Rocketing to the write stuff
VAIL ” Hank Manley knows the answer to the great American question: “How fast does it go?”
His reply? “Just a little bit faster.”
Manley is one of those great American success stories possible only in the country that invented rock ‘n’ roll and the V8 engine.
Manley founded Manley Performance Products 40 years ago in Lakewood, N.J., with a military surplus lathe and mill. He traveled from race track to race track hawking pistons, pushrods and anything else he could think of that would make a race car go faster. At last weekend’s NHRA Mile High Nationals in Denver, almost every car was using his products, and they were all going just a little bit faster.
These days he can walk through the pit area of just about any race track doing a car count ” the number of cars with Manley Performance Products in their engines. It’ll be just about all of them.
The automobile performance-enhancement business is not complicated.
“We made parts, we sold parts,” Manley said. “Everyone has the same goal: Go fast and don’t break. And they all say the same thing: ‘We won last week. Now make me another part just like it, but make it lighter. And remember it can’t break.'”
He was around when Big Daddy Don Garlits broke 200 mph in a top fuel dragster for the first time.
“All kinds of engineers insisted that the aerodynamics were all wrong and an engine could not be made powerful enough to make a car go 200 mph,” Manley said, with the confident tone of a man who helped prove them wrong. “Now they’re going 300 mph and generating thousands of horsepower.”
He was also around when Garlit’s engine blew up and cut off part of his foot.
“He thought that, maybe, having the engine in front of you under your feet might not be a great idea, so he put it in the back,” Manley said. “That’s how everything’s built now.”
He gave much of his adult life and some of his hearing to the automobile performance industry. He stepped back a few years ago, turning the business over to his son because, frankly, he has quieter stuff he wants to do.
The Manley Performance Products business is still in Lakewood. These days Manley’s back and forth between Cordillera and the Caribbean. He and Paul McCartney are both 64 years old, and they both are lucky enough to be healthy, financially comfortable and aging gracefully. And they both get to do pretty much what they want.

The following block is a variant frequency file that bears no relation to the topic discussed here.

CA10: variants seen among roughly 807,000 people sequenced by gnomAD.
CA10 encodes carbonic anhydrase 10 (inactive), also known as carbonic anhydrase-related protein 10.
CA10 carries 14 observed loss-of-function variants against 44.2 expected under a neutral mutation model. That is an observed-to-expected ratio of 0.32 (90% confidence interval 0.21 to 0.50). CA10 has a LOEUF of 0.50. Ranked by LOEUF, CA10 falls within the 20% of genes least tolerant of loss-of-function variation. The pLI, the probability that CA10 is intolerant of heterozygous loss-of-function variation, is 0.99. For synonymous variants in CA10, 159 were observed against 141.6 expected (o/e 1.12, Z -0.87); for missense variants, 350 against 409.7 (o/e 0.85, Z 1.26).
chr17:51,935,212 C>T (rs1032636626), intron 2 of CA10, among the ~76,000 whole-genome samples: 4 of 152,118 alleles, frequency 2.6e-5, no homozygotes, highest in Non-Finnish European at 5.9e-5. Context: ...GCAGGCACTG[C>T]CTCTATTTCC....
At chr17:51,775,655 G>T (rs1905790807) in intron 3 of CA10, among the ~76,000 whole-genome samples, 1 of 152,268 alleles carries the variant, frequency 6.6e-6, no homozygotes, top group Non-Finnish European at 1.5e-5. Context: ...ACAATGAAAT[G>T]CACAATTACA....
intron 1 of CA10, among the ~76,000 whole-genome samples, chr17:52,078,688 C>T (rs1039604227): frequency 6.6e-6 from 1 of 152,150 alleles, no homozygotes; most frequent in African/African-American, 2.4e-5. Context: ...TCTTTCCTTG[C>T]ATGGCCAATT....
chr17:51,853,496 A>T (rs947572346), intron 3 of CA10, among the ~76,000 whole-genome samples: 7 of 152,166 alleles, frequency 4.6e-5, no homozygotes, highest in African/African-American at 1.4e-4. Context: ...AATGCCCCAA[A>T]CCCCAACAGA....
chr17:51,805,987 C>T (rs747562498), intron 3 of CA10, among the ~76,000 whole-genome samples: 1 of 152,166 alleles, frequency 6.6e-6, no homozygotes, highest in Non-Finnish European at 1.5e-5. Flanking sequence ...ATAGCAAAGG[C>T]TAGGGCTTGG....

“When I left I told my son that I’d rowed that boat for 34 years,” Manley said. “That’s plenty for anyone.”
Not that he has a natural aptitude for inactivity. He doesn’t.
He built his own boat, a 70-footer that slices through the water at 55 mph. They were on their way back from Bimini, motoring by floating bales of marijuana all worth more than the gross national product of some Third World countries, when a huge boat with a massive outboard motor started bearing down on them, apparently determined to intercept them.
“I thought it might be time to get a weapon from below,” Manley said.
It turned out to be a DEA boat with a tri-engine outboard setup. It seems the agents weren’t accustomed to seeing boats go as fast as Manley’s.
For Manley, life is contrast, back and forth between Cordillera and the Caribbean, race tracks with their thundering cars and the big blue where the only noise you hear is what you make. From noise to novels.
He played hockey in college ” he graduated in 1965 when muscle cars were beginning to come into their own and built his business along with that industry ” and started skiing eight years ago. They rented houses around the area, trying it on for size, until they found the right house in the right neighborhood and put down roots.
Good writers ” and Manley is a good writer ” write about what they know about. Manley knows about the Caribbean and some of the unseemly characters who hide there.
He has written four novels, all set in the Caribbean: “Bahama Snow,” “Bahama Payback,” “Bahama Reckoning” and “Coral Cemetery.” He spent some time on a long-line boat ” a commercial fishing vessel that will drag as much as 30 miles of net behind it ” trying to get to the bottom of an argument between commercial fishermen and sport fishermen about who was responsible for the plummeting number of bill fish.
It’s both, as it happens, which he chronicled in his book “Beyond the Green Water.”
He and his wife set about catching 1,000 bill fish ” marlins, sailfish and the like ” in a year. They finished with 1,111, all released alive and well back into the sea. That experience became the book “Grand Quest.”
“Now virtually all billfish are released,” Manley said. “If you want one, you just call the taxidermist and tell him what size.”
Vail Daily, Vail, Colorado